The discovery of three new species of Petrophile is reported in the January 2003 issue of the Study Group's Newsletter. The paper by Mike Hislop and Barbara Rye of the Western Australian Herbarium that described the new species, Petrophile antecedens, P.clavata and P.brevifolia is summarised, there are full colour photographs of the species in flower, and a revised key to the Genus is provided.

From the ASGAP newsletter (April 2003) and the newsletter of the Australian Native Plants Society (Canberra), September 2003.


"Australian Plants"....in print!

The Society's 48 page, colour (printed) journal, "Australian Plants" has been published quarterly since 1959. It carries articles of interest to both amateur growers and professionals in botany and horticulture. Its authors include the leading professional and amateur researchers working in with the Australian flora and many beautiful and high quality photographs of Australian plants are published in its pages. Topics covered by the journal cover a wide range and include landscaping, growing, botany, propagation and conservation.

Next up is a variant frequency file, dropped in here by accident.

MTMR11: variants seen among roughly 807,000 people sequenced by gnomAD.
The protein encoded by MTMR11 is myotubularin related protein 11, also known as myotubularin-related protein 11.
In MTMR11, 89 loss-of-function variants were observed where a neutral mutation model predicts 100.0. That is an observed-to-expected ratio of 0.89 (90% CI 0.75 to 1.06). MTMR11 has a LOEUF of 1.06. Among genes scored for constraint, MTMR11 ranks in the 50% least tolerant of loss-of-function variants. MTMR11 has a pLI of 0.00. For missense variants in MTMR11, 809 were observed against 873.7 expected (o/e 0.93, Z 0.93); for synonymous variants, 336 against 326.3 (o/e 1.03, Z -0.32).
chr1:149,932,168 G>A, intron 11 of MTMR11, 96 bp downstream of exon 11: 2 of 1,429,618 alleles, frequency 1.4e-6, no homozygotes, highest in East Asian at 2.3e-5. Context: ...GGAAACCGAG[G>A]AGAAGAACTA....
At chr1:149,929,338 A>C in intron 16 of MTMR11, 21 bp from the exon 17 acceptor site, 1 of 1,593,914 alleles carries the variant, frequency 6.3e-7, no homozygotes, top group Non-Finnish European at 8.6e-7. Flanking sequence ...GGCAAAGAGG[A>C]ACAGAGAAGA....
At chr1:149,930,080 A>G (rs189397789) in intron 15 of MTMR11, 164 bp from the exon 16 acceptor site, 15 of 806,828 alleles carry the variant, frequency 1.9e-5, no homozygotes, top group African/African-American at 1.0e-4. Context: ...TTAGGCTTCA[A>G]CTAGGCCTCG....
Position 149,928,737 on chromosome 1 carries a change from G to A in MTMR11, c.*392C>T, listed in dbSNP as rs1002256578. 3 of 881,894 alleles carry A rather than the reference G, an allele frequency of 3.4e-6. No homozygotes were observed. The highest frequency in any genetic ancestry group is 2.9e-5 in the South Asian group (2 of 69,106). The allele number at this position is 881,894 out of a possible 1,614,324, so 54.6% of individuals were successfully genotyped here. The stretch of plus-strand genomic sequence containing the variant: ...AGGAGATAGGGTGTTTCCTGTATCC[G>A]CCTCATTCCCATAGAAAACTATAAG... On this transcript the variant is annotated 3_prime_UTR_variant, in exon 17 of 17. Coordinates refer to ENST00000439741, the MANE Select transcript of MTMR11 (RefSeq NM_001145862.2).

A subscription to the print version of "Australian Plants" is $20 annually for 4 issues (overseas $AUS32) including postage. To subscribe, print out the Subscription Form and post or fax the appropriate fee to the address indicated on the form.

Note that the contents of "Australian Plants" and "Australian Plants online"
are totally different

These are some of the topics covered in recent issues of "Australian Plants":

'Australian Plants' - Cover Issue 172: September 2002


Growing Rainforest Plants
Eidothea hardeniana - Botany and Ecology of the 'Nightcap Oak'